How would a typical American worker fare? In terms of their tax bill, just . . . okay. A median-income household would, on average, get about $110 a year from Clinton’s tax proposals, the Tax Policy Center estimates. (Again: working parents of small kids would do significantly better.)
The bigger upside for middle-class Americans probably lies in the programs Clinton would fund with her tax hikes on the rich, including debt-free college tuition and paid family and medical leave.
Donald Trump’s tax plan
Winners: Taxpayers up and down the income ladder, but especially the ones at the top. Also most businesses.
This is the most Oprah-esque tax proposal since Ronald Reagan in 1980: You get a tax cut! You get a tax cut! You get a tax cut! Trump would collapse the current income tax code from seven rates to three and cut rates on most taxpayers in the process — especially at the top, where the rate would fall from nearly 40 percent to 33 percent. He would also expand the standard deduction, allowing millions more Americans near the bottom end of the income scale not to pay taxes at all, and offer new tax breaks for child and elder care.
Those changes add up to big reductions in tax bills for most Americans, but especially the very highest earners, the top 0.1 percent, who would see their incomes rise by 14 percent, the Tax Policy Center estimates. Added bonus for the very wealthy: Trump would eliminate the estate tax entirely. It currently applies only to large estates.
Businesses would see an even bigger payoff. Trump would slash the top corporate tax rate from 35 percent to 15 percent. That lower rate would also apply to the owners of some businesses organized as “pass-through” entities, which is a structure popular with many small businesses and with Trump’s own companies. Currently, pass-through profits are taxed as individual income for owners. In this structure, the businesses aren’t taxed under the corporate rate; the profits are taxed as individual income for the owners. The Trump campaign has not specified which pass-throughs, exactly, would be eligible for the lower rate under his plan.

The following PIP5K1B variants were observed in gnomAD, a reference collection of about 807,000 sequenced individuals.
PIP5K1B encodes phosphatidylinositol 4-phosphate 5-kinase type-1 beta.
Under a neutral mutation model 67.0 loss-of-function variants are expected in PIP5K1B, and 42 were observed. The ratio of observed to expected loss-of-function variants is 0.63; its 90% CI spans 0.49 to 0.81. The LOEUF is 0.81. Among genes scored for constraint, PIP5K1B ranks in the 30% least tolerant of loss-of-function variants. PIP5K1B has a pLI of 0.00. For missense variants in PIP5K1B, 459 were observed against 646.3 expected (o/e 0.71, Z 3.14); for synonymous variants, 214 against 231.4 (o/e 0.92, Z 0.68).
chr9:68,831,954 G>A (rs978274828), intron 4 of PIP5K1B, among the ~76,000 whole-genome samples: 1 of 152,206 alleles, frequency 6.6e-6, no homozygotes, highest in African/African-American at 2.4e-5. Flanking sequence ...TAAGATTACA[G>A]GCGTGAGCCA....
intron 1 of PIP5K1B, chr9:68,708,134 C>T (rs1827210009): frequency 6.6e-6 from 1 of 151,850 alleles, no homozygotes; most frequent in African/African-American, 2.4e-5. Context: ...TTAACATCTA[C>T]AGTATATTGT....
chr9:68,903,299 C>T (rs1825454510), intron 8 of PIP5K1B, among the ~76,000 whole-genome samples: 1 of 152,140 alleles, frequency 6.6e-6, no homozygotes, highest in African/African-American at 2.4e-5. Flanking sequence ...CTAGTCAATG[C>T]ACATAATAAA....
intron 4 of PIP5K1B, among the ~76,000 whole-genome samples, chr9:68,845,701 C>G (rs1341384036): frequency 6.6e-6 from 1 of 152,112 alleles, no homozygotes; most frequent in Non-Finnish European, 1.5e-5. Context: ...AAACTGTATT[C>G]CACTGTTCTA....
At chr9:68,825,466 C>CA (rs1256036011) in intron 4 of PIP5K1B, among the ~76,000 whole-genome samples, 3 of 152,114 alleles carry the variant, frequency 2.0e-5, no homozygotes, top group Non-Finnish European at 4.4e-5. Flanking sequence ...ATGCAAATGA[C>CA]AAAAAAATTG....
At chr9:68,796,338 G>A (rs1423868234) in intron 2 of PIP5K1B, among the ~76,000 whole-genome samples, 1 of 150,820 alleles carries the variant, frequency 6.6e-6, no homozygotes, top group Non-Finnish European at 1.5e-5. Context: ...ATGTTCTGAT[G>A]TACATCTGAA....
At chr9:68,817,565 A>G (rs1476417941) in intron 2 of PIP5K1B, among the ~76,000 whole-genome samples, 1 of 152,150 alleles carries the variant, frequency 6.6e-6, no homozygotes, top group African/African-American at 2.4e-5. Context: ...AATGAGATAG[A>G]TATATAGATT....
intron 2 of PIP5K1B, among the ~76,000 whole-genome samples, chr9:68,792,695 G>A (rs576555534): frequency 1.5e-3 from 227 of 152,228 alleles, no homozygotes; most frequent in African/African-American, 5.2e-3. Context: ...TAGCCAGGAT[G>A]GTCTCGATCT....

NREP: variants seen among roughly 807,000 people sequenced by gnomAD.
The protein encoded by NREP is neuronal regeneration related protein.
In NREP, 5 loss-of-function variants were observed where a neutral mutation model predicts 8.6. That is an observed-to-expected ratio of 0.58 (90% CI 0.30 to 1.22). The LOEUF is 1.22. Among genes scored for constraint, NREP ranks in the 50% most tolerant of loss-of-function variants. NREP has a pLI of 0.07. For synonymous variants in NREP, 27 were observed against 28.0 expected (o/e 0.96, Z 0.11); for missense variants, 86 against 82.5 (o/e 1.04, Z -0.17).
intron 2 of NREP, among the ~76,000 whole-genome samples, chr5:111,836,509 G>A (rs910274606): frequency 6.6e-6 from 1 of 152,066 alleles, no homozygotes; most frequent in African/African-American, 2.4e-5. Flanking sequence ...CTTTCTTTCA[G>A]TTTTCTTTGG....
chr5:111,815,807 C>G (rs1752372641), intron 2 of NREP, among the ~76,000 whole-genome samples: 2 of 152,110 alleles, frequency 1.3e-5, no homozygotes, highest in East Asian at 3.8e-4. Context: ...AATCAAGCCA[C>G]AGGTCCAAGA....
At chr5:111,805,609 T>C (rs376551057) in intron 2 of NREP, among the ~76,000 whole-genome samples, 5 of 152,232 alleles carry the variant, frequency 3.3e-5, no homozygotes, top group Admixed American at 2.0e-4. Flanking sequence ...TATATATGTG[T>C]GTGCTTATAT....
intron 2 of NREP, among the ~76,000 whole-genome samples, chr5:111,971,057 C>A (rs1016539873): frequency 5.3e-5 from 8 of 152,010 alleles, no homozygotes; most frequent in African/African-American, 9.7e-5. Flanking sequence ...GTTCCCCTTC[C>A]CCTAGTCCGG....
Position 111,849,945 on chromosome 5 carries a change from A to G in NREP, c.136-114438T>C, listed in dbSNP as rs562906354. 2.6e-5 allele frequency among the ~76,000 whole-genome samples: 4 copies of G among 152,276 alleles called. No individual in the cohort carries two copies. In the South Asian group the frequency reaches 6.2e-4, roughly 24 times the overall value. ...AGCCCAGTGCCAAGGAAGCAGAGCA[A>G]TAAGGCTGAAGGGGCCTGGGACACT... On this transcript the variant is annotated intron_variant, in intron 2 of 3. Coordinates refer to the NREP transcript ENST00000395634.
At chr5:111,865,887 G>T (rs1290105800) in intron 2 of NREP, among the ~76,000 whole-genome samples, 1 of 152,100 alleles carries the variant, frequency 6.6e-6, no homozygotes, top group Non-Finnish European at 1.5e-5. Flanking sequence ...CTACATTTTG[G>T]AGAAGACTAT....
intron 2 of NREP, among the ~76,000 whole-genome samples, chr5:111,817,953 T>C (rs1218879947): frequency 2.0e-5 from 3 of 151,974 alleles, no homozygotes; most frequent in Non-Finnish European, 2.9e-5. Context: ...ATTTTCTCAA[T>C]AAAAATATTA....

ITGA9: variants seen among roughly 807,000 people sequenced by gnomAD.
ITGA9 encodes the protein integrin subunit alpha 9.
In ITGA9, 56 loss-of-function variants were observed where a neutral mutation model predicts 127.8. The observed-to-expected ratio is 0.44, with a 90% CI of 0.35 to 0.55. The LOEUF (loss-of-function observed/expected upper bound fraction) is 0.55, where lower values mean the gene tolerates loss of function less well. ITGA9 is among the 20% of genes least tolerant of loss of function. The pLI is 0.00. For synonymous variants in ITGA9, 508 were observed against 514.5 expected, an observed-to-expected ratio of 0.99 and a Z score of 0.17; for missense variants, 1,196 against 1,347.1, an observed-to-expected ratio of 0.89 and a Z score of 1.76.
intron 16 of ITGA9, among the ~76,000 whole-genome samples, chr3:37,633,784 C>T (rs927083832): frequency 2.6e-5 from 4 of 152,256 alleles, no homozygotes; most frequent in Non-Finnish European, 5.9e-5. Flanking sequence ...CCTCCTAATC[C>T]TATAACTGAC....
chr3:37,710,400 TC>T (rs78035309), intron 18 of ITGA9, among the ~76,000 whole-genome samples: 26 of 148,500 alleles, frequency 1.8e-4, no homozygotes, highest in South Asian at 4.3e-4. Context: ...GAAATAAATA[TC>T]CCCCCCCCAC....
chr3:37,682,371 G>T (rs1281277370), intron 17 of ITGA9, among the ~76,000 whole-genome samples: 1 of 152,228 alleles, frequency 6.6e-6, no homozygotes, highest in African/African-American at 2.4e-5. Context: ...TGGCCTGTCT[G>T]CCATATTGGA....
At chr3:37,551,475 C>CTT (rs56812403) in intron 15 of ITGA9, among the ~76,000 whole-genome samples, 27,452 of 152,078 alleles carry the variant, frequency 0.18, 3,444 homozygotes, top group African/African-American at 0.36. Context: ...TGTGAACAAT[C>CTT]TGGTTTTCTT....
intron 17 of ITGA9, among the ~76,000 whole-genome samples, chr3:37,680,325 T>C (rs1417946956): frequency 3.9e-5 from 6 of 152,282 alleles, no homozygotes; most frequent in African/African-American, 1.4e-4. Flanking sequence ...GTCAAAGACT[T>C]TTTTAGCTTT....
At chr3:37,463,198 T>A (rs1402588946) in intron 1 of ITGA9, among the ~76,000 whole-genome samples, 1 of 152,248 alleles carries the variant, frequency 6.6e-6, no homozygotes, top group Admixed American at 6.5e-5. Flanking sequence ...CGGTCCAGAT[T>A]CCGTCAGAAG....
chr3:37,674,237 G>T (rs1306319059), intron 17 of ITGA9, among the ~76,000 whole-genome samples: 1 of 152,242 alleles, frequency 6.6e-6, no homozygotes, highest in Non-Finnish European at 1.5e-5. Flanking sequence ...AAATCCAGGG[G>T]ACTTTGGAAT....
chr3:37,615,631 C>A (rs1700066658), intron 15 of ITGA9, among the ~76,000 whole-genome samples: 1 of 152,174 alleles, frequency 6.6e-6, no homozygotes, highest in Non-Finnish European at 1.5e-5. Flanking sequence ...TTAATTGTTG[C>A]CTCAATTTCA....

Losers: Millions of working families, potentially.
Trump’s plan eliminates taxpayers’ ability to claim deductions for each of their children — and a provision called “head of household” status that lowers tax bills for many single parents. New York University professor and former Obama administration economic adviser Lily Batchelder estimates that those losses would more than outweigh the benefits of Trump’s plan for millions of families and single parents.
Trump’s campaign says that won’t be the case — because Trump would insist Congress ensure that no one pays higher taxes under his plan. That means the congressional bill would need to look different, in an important but as of now undefined way, from the campaign proposal.
What to worry about: Federal debt. Every independent analysis of Trump’s plans estimates it would massively reduce federal government revenue and add trillions of dollars to the debt over the next decade. The Tax Policy Center pegs the hole at $7 trillion. The Tax Foundation says it could be as little as $2.4 trillion, after factoring in what it projects would be accelerated economic growth.
Trump’s campaign says his economic plan, as a whole, will be revenue-neutral, because he will cut spending and further increase growth through energy, regulation and trade policies.
How would a typical American worker fare? Modestly well, if you’re just looking at the tax side. The Tax Policy Center estimates the median household would see its income grow by $1,010 under Trump’s proposals, on average. That’s an income boost of nearly 2 percent, which is better than Clinton’s plan, but still well below the boost Trump would give to the rich.
Trump’s spending proposals could boost some workers, notably his pledge to spend hundreds of billions of dollars on infrastructure construction. His proposed budget cuts could also hurt typical families: His plan focuses potential cuts on a small area of the federal budget that includes areas such as environmental protection, consumer product safety and education.